There’s no hard definition of what makes an online video “viral,” but it’s generally accepted that it must gain at least 5 million views within the first week or two after it’s posted. When’s the last time your videos got that much attention?
By that benchmark, most real estate professionals who produce video as part of their marketing won’t ever reach viral status. After all, you’re producing content for your local community — not for the whole world. So is there such a thing as going viral on a local level? Marketing experts and practitioners who have gained clients and raised their profiles through their videos say such a concept exists. But the number of views your videos garner isn’t the only measure of whether they are successfully circulating online, they say. If your videos spark a conversation among your intended audience — both online and offline — then they’re fulfilling their purpose.
“If you can reach the local community and get enough people to share [your video], then I would consider it a viral video,” says Laura Ure, owner of Boca Raton, Fla.–based real estate marketing firm Keenability. She adds that “enough,” in terms of local exposure, depending on where you live, could mean around 10,000 views.
Look Beyond Views
But more than that, look at whether your video achieves the goals you set for it, explains Vinny La Barbera, founder of California marketing agency imFORZA and contributor to RealEstateMarketingBlog.org. “If you were trying to put your name out there [with a video], did you increase the awareness of your brand?” he says. Your goal could be to use video to gain new clients, make connections with other practitioners outside of your market area to acquire more referrals, or spread awareness of your brand to more home buyers and sellers.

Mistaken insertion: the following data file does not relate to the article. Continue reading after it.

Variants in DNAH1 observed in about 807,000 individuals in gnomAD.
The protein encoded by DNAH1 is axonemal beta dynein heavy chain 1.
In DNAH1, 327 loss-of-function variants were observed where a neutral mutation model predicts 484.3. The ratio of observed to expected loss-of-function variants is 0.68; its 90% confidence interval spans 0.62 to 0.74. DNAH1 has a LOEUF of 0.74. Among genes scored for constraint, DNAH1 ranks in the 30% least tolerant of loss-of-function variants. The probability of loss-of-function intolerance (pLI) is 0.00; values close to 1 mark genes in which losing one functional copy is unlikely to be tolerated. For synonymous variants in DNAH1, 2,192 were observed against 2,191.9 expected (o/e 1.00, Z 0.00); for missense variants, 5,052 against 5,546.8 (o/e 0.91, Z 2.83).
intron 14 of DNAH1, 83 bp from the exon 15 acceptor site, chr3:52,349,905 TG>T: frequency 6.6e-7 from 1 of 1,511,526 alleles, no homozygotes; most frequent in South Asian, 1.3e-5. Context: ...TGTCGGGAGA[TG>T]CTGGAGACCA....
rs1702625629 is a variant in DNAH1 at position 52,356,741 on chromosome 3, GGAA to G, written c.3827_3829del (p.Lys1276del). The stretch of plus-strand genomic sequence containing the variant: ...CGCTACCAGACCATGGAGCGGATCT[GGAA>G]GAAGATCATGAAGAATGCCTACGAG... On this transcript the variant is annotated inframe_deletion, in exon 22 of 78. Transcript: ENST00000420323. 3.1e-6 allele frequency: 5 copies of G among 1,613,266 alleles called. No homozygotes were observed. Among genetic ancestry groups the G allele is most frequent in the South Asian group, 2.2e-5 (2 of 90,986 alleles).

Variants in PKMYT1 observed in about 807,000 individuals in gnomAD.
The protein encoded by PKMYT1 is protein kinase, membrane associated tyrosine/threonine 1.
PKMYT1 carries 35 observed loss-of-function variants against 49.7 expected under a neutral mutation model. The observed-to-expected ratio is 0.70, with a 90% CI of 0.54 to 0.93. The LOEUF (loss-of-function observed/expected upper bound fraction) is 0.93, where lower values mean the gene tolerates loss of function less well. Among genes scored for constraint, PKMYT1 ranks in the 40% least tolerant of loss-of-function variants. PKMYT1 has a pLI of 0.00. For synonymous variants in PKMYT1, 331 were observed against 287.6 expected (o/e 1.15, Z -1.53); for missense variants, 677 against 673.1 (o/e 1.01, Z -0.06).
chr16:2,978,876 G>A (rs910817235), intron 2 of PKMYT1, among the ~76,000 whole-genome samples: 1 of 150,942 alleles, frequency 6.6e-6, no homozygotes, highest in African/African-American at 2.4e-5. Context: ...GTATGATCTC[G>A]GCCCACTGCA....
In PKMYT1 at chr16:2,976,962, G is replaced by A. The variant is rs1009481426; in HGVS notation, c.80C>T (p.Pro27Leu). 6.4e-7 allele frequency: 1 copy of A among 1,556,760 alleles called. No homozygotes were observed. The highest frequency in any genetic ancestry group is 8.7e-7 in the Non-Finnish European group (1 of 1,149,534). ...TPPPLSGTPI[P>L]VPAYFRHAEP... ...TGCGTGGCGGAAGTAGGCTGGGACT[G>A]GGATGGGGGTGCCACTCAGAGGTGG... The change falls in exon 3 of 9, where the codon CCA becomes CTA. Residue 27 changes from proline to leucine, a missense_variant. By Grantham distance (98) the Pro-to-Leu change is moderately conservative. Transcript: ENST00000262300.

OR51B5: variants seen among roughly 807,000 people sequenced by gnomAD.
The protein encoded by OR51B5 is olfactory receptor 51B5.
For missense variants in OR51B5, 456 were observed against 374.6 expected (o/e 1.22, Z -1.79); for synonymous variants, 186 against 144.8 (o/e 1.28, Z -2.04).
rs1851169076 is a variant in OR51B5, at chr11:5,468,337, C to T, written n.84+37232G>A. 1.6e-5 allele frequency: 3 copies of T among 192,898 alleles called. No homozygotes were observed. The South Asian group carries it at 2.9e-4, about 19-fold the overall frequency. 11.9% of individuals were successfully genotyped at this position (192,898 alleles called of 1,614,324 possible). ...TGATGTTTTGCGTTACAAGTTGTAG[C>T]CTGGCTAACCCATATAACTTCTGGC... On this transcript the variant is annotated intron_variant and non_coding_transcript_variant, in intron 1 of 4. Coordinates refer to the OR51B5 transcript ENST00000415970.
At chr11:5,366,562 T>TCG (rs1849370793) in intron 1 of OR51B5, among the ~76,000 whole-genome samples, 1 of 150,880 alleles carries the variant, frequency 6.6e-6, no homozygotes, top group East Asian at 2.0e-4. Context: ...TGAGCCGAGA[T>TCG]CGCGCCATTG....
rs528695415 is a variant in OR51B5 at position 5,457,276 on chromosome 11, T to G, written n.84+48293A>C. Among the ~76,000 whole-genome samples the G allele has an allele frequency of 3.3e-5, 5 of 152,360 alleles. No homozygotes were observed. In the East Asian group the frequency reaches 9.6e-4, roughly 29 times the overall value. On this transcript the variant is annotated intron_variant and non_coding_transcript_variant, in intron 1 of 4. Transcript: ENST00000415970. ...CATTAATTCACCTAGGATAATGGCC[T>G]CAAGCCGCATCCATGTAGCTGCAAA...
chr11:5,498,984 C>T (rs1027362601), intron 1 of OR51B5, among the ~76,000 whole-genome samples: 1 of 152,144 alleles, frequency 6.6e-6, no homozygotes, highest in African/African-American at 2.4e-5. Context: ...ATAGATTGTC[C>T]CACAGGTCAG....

So even if you’ve gotten only 1,000 views for a video but it achieved the goal you wanted it to, you can consider it a success. “If you get everyone in your neighborhood to watch it, you’ve knocked it out of the park,” says David Spark, founder of marketing firm Spark Media Solutions. He offers a checklist for getting more exposure for your videos:
- Have content your community needs and cares about. Ask yourself what topics or questions are most relevant to the people you’re serving right now, and then answer them or interview others in the community who can provide answers.
- Become friends with your local influencers. This could be the owner of a popular store or the person who runs your town’s Facebook group. Profile them in your videos, and pick their brains as to what they love about the community. Then ask them to share your videos.
- Promote your videos to all your local media outlets. Most locales have a Facebook user group or Nextdoor group. Get on them, post your videos to these groups, and be a regular commenter. Also, post to your local Patch.com website.
- Feature your neighbors and other locals in your videos. The more people in your videos, the more they’ll want to show it to their friends. Go after people who have large local networks, ideally local business owners or people who have a large social following. They’ll eagerly promote your videos.
- Follow up. For everyone you met and interviewed, follow up with them when your video is published online. Even if they didn’t make it into the final video edit, thank them for their time and invite them to view the video and give feedback.
Measuring Your Video’s Success